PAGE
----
This is a weekly browsing of recent relevant industry news articles, helpful for educating ourselves as well as for sharing with our peers. Please post any thoughts in the comments section!
One of the best-kept secrets in cloud computing has just found a new home. Samsung Electronics announced Wednesday that it will acquire Joyent, a vital but lesser-known player the cloud hosting market—and one with quite a history behind it. Joyent sells hosting services that enable customers to run their software in the cloud, not unlike those offered by Amazon Web Services or Microsoft Azure, and also helps companies build their own cloud-style systems in their own data centers. It has also boasted marquee clients such as Adobe and European telco giant Telefónica. But it’s perhaps best known for incubating a software development platform called Node.js, which is now one of the most popular programming tools on the planet.
Chef today launched Habitat, a new open source project that allows developers to package their applications and run them on a wide variety of infrastructures. Habitat essentially wraps applications into their own lightweight runtime environments and then allows you to run them in any environment, ranging from bare metal servers to virtual machines, Docker containers (and their respective container management services), and PaaS systems like Cloud Foundry. “We must free the application from its dependency on infrastructure to truly achieve the promise of DevOps,” Chef co-founder and CTO Adam Jacob said in a statement today. “There is so much open source software to be written in the world and we’re very excited to release Habitat into the wild. We believe application-centric automation can give modern development teams what they really want — to build new apps, not muck around in the plumbing.”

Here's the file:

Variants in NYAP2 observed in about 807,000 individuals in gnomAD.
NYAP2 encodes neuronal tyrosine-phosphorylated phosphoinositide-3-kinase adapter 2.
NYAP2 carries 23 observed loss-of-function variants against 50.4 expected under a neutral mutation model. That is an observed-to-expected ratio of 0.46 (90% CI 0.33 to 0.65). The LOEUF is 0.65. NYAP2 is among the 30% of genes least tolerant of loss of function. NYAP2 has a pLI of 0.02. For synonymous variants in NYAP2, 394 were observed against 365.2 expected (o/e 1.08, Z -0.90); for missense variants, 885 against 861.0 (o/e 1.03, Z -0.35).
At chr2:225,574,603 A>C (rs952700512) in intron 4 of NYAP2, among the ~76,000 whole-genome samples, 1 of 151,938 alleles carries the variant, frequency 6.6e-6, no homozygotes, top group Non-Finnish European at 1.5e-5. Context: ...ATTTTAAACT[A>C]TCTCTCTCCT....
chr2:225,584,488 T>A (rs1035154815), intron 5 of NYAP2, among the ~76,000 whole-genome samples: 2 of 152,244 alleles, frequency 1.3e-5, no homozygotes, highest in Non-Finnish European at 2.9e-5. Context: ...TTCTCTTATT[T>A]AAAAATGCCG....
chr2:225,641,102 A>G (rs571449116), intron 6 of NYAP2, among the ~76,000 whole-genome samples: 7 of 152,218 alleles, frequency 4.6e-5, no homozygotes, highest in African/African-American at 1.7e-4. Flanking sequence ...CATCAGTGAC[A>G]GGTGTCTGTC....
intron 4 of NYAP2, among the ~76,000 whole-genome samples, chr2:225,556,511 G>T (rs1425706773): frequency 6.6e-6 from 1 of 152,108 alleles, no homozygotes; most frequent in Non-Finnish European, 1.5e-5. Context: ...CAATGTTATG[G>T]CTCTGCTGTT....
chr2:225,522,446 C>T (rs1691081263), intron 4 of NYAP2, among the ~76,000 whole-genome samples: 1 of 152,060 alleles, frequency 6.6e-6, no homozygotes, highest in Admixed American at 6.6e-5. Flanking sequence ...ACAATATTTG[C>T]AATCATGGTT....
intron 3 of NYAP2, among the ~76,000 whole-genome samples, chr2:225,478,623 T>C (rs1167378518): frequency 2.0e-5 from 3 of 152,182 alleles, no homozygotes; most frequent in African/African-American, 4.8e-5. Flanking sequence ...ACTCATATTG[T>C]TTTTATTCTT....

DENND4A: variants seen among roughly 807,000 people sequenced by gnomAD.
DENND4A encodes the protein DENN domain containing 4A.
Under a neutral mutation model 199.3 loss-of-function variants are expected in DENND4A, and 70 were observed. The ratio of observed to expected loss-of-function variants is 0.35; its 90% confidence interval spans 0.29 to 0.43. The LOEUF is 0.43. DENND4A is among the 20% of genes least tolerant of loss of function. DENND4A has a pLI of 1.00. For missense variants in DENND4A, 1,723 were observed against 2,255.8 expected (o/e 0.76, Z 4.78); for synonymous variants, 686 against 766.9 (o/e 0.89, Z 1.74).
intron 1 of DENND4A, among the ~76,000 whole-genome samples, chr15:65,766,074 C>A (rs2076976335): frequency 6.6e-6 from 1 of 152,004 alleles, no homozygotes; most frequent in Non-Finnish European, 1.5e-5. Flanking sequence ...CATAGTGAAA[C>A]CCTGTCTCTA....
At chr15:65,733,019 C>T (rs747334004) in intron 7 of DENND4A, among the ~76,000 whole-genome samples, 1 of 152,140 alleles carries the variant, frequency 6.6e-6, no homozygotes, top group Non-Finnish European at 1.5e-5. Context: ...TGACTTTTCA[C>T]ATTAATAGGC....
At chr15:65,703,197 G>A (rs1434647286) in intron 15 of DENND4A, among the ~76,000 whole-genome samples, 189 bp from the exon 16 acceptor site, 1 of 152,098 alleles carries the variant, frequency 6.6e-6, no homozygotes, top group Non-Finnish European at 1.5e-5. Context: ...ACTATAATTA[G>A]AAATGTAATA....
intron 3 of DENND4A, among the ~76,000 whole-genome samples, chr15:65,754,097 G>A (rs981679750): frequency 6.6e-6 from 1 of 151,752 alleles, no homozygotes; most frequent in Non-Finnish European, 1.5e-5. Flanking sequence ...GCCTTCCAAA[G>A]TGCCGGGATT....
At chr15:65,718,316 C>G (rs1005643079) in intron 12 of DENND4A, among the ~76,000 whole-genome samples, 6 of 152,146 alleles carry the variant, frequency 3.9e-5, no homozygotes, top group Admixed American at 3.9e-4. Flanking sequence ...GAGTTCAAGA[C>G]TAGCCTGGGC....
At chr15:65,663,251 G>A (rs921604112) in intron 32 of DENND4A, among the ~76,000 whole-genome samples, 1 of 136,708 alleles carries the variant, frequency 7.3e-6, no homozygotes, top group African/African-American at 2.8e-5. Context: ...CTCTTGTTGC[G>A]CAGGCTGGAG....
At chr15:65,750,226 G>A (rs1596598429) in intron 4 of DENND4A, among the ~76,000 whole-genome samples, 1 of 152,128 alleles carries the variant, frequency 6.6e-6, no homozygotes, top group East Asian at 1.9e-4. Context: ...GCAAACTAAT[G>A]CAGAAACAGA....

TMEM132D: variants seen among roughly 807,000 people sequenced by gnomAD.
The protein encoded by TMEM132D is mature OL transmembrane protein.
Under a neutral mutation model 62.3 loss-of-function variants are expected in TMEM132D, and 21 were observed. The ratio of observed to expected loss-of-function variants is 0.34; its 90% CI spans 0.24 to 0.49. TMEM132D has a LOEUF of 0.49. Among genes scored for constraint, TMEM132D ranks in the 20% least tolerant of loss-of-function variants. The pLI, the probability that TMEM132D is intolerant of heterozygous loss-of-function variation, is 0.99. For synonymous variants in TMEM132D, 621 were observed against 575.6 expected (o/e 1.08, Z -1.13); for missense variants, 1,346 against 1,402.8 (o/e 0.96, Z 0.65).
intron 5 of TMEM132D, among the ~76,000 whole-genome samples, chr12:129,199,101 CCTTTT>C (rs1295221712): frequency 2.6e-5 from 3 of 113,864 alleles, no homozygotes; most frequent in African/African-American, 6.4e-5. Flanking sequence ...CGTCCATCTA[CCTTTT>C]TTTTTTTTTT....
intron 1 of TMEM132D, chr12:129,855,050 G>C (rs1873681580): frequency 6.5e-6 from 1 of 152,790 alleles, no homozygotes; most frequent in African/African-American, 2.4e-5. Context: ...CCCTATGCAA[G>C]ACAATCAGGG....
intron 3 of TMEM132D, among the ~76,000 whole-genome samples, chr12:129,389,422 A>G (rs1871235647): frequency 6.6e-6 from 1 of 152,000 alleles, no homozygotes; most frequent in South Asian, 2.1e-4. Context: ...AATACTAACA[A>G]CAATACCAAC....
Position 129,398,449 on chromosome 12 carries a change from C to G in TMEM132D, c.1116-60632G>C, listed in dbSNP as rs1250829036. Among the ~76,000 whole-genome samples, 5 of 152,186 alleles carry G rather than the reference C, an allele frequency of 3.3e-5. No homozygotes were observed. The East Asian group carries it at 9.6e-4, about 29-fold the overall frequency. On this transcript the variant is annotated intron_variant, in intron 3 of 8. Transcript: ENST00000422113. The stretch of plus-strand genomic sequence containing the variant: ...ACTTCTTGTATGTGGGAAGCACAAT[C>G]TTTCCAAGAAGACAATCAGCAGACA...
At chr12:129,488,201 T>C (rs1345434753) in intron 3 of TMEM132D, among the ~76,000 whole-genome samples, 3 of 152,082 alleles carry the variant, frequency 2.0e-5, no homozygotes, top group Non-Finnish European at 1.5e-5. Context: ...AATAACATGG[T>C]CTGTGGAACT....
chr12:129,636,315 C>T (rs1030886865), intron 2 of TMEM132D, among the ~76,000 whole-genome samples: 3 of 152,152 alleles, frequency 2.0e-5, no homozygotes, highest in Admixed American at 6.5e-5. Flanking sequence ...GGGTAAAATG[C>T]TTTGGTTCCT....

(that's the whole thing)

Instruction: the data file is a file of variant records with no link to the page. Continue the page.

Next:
Wall Street Journal: Cisco Proposes Plan to Monitor Data Centers
Cisco Systems Inc. says many companies don’t know enough about what is going on in their data centers, but it has a plan to change that. The network-equipment giant, stepping up its focus on a hot field called analytics, on Wednesday announced technology to monitor data moving among corporate computers to see how applications are working and more quickly fix technical glitches and security holes. Cisco’s plans rely on putting sensors throughout corporate computer rooms, in the form of software installed on server systems and embedded in chips that power some of its networking gear. The company said each sensor can track up to one million digital events per second, quickly generating troves of information that other Cisco software can help sift through and analyze.
Recently, BSA | The Software Alliance set out to quantify the impact of software — at least in the United States. In a new report developed with The Economist Intelligence Unit, the report’s authors determined that software industry is adding $1 trillion to the annual Gross Domestic Product. The report estimates that the software industry directly added $475 billion to the US economy in 2014, with another $525 billion coming from indirect and induced effects.
InformationWeek: VMware Acquires Virtual Network Manager Arkin Net
VMware will acquire a little known company, Arkin Net, by the end of June. The deal will help enhance VMware's ability to build and manage virtual networks tied to hundreds or thousands of virtual machines. Integrating virtual networking with virtual machine operation is one of the last steps VMware needed in order to support its claim of establishing the software-defined data center. The acquisition also broadens VMware's mission from simply generating and managing virtual machines to managing virtual servers, storage, and network services throughout the data center. In some ways, VMware bet the bank on its ability to virtualize the network through its NSX virtual networking product.